“We are not coordinating anything,” said Justin Wedes, 26, a former high school science teacher from Brooklyn who helps manage one of the movement’s main Twitter accounts, @OccupyWallStNYC. “It is all grassroots. We are just trying to use it to disseminate information, tell stories, ask for donations and to give people a voice.”

To help get the word out about a rally at 3 p.m. on Saturday in Washington Square Park, the group turned to its Facebook and Twitter accounts. “If you are one of the 99 percent, this is your meeting,” the Facebook invitation said. Nearly 700 people replied on Facebook saying that they would be there.

More than 1,000 demonstrators arrived at Washington Square Park for the rally, many of them after marching from the encampment they had established three weeks ago in Zuccotti Park, in Lower Manhattan.

During their march, protesters kept to the sidewalks and out of traffic in a purposeful attempt to prevent arrests. Once there, they held meetings until the early evening, when the crowd dispersed and protesters made their way back to Zuccotti Park, where they were welcomed with loud cheers.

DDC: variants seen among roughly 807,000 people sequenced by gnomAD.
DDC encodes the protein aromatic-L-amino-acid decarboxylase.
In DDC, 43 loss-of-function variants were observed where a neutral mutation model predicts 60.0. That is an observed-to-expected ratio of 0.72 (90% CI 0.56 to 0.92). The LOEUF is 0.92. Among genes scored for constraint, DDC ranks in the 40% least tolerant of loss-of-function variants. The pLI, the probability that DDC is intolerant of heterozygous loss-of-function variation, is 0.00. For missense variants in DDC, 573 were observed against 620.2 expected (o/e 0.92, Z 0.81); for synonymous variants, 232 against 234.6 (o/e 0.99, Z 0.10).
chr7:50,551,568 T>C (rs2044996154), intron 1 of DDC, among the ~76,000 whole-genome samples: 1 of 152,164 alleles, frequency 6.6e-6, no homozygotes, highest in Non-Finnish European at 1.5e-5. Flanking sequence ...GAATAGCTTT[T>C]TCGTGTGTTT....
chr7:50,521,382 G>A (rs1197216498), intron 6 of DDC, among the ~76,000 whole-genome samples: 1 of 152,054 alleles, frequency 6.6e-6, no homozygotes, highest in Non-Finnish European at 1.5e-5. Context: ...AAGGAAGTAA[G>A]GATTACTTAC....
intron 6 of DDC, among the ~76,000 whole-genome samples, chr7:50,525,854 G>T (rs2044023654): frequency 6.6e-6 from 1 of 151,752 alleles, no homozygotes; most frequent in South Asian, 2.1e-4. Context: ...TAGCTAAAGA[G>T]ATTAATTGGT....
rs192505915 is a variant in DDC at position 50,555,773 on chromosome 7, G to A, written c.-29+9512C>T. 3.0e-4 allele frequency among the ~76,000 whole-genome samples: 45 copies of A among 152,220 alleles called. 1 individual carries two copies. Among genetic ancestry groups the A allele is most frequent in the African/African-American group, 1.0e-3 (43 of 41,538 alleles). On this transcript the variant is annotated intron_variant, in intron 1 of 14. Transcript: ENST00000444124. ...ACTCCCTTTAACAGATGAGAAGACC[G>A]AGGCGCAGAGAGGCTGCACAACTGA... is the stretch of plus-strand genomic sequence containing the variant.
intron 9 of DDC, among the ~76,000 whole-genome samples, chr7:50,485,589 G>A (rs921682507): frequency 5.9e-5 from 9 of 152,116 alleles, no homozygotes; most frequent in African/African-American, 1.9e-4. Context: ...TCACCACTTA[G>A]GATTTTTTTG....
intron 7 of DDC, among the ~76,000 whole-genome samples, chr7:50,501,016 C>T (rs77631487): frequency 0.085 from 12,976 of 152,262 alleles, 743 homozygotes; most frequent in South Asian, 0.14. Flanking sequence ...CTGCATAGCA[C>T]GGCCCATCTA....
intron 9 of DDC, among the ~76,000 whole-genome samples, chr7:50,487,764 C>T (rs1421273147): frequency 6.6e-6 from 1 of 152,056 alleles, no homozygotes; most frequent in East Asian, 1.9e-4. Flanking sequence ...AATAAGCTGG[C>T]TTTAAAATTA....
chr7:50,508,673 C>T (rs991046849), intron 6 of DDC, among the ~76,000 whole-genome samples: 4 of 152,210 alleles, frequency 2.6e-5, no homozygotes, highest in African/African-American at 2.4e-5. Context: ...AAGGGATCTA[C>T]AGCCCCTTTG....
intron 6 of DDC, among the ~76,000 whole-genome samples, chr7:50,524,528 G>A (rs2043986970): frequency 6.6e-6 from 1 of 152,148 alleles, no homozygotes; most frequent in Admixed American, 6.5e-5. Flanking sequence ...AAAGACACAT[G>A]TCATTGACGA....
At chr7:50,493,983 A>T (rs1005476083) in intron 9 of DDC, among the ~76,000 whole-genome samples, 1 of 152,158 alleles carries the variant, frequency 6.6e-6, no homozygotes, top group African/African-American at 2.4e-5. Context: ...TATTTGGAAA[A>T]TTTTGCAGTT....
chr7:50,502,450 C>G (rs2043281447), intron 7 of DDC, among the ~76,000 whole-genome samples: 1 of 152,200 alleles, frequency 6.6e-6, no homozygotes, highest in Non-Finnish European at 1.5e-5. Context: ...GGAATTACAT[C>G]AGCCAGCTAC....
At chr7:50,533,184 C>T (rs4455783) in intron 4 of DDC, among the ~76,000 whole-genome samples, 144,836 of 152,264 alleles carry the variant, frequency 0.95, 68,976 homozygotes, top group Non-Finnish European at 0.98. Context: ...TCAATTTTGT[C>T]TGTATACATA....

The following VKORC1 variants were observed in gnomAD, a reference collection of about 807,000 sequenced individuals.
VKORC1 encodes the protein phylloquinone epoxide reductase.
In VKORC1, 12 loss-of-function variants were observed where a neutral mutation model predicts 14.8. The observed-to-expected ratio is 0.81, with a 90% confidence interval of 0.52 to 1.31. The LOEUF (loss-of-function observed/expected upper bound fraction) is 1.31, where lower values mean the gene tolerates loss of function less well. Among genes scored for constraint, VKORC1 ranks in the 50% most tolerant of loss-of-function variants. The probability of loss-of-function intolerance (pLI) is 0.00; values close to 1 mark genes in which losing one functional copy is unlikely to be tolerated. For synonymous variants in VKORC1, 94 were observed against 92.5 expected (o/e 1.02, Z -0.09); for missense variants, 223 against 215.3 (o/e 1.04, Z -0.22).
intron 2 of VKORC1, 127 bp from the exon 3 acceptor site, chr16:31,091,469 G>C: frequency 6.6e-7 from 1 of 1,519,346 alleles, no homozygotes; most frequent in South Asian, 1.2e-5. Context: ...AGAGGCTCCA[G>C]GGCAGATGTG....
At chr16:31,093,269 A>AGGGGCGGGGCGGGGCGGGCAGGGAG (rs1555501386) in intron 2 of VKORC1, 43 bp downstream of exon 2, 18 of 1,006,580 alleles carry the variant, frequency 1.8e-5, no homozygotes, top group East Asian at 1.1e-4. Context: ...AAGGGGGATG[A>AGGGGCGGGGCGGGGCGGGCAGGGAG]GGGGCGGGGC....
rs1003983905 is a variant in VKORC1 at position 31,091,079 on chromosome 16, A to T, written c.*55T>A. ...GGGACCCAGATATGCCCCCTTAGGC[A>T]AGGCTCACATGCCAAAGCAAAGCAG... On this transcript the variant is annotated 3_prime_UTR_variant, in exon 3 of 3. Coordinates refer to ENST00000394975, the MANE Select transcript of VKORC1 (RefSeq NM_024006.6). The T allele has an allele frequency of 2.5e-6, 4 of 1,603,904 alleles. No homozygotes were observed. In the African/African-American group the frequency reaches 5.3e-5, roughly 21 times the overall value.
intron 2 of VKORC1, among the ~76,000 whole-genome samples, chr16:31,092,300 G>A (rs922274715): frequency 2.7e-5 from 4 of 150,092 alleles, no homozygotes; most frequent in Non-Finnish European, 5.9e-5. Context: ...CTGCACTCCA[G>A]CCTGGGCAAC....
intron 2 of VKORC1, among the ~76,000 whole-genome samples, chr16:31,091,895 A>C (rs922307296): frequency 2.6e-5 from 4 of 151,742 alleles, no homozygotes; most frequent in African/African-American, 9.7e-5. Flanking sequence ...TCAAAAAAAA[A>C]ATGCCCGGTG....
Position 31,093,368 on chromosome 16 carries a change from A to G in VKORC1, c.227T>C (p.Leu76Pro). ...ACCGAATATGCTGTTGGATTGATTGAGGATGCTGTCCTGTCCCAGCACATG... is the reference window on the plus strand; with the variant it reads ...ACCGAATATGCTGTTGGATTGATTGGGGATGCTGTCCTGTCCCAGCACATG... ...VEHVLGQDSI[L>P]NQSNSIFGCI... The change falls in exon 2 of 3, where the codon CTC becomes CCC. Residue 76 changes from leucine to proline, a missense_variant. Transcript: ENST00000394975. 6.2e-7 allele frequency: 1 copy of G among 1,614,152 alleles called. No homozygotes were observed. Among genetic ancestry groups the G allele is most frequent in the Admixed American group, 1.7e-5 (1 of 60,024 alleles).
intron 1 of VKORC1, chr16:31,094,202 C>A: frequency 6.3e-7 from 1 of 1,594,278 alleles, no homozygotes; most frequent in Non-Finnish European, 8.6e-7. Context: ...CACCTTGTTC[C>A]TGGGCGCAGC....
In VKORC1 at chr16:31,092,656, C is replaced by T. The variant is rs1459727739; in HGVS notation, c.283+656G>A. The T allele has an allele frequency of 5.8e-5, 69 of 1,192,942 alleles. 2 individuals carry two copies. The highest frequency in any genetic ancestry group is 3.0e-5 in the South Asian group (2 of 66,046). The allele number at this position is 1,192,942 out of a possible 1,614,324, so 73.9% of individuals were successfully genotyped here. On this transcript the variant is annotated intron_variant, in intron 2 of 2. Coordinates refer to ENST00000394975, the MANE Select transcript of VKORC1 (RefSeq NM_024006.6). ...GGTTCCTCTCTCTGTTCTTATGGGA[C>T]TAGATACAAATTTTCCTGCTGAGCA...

While people in New York are still dominating the conversation on Twitter, an analysis of the micro-blogging site’s data on Friday showed that almost half of the posts were made in other parts of the country, primarily in Los Angeles and San Francisco, Chicago and Washington, as well as Texas, Florida and Oregon, according Trendrr, a social media analytics firm.

Mark Ghuneim, founder and chief executive officer of Trendrr, said the Twitter conversation was producing an average of 10,000 to 15,000 posts an hour Friday about Occupy Wall Street, with most people sharing links from news sites, Tumblr, YouTube and Trendsmap.